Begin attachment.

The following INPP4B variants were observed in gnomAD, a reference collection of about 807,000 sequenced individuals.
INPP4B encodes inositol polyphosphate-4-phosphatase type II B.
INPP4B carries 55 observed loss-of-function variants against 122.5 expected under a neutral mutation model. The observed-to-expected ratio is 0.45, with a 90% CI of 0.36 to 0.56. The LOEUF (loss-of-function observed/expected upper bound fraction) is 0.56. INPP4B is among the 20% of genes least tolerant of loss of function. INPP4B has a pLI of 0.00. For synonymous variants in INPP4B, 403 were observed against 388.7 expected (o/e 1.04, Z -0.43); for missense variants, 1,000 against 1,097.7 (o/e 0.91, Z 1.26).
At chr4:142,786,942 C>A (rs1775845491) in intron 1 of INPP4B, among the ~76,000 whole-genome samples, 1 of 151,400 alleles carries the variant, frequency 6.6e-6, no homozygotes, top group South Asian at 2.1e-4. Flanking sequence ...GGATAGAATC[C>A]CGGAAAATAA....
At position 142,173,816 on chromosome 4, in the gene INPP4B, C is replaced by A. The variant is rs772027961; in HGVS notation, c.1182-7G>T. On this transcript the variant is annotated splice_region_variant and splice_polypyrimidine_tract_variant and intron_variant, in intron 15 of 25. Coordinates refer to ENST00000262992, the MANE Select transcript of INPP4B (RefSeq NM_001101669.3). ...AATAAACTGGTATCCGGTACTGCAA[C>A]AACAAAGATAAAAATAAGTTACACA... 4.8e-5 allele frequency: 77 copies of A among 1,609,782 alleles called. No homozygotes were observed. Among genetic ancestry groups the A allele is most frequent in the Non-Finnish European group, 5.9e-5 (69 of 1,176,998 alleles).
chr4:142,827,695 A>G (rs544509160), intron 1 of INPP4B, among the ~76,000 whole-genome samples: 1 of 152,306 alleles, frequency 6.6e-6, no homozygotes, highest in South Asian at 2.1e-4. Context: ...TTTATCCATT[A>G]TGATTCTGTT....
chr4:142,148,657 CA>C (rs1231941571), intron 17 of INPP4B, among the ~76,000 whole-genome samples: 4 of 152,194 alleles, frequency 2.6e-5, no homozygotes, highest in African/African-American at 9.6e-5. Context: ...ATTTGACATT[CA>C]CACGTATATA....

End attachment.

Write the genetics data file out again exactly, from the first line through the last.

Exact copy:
The following INPP4B variants were observed in gnomAD, a reference collection of about 807,000 sequenced individuals.
INPP4B encodes inositol polyphosphate-4-phosphatase type II B.
INPP4B carries 55 observed loss-of-function variants against 122.5 expected under a neutral mutation model. The observed-to-expected ratio is 0.45, with a 90% CI of 0.36 to 0.56. The LOEUF (loss-of-function observed/expected upper bound fraction) is 0.56. INPP4B is among the 20% of genes least tolerant of loss of function. INPP4B has a pLI of 0.00. For synonymous variants in INPP4B, 403 were observed against 388.7 expected (o/e 1.04, Z -0.43); for missense variants, 1,000 against 1,097.7 (o/e 0.91, Z 1.26).
At chr4:142,786,942 C>A (rs1775845491) in intron 1 of INPP4B, among the ~76,000 whole-genome samples, 1 of 151,400 alleles carries the variant, frequency 6.6e-6, no homozygotes, top group South Asian at 2.1e-4. Flanking sequence ...GGATAGAATC[C>A]CGGAAAATAA....
At position 142,173,816 on chromosome 4, in the gene INPP4B, C is replaced by A. The variant is rs772027961; in HGVS notation, c.1182-7G>T. On this transcript the variant is annotated splice_region_variant and splice_polypyrimidine_tract_variant and intron_variant, in intron 15 of 25. Coordinates refer to ENST00000262992, the MANE Select transcript of INPP4B (RefSeq NM_001101669.3). ...AATAAACTGGTATCCGGTACTGCAA[C>A]AACAAAGATAAAAATAAGTTACACA... 4.8e-5 allele frequency: 77 copies of A among 1,609,782 alleles called. No homozygotes were observed. Among genetic ancestry groups the A allele is most frequent in the Non-Finnish European group, 5.9e-5 (69 of 1,176,998 alleles).
chr4:142,827,695 A>G (rs544509160), intron 1 of INPP4B, among the ~76,000 whole-genome samples: 1 of 152,306 alleles, frequency 6.6e-6, no homozygotes, highest in South Asian at 2.1e-4. Context: ...TTTATCCATT[A>G]TGATTCTGTT....
chr4:142,148,657 CA>C (rs1231941571), intron 17 of INPP4B, among the ~76,000 whole-genome samples: 4 of 152,194 alleles, frequency 2.6e-5, no homozygotes, highest in African/African-American at 9.6e-5. Context: ...ATTTGACATT[CA>C]CACGTATATA....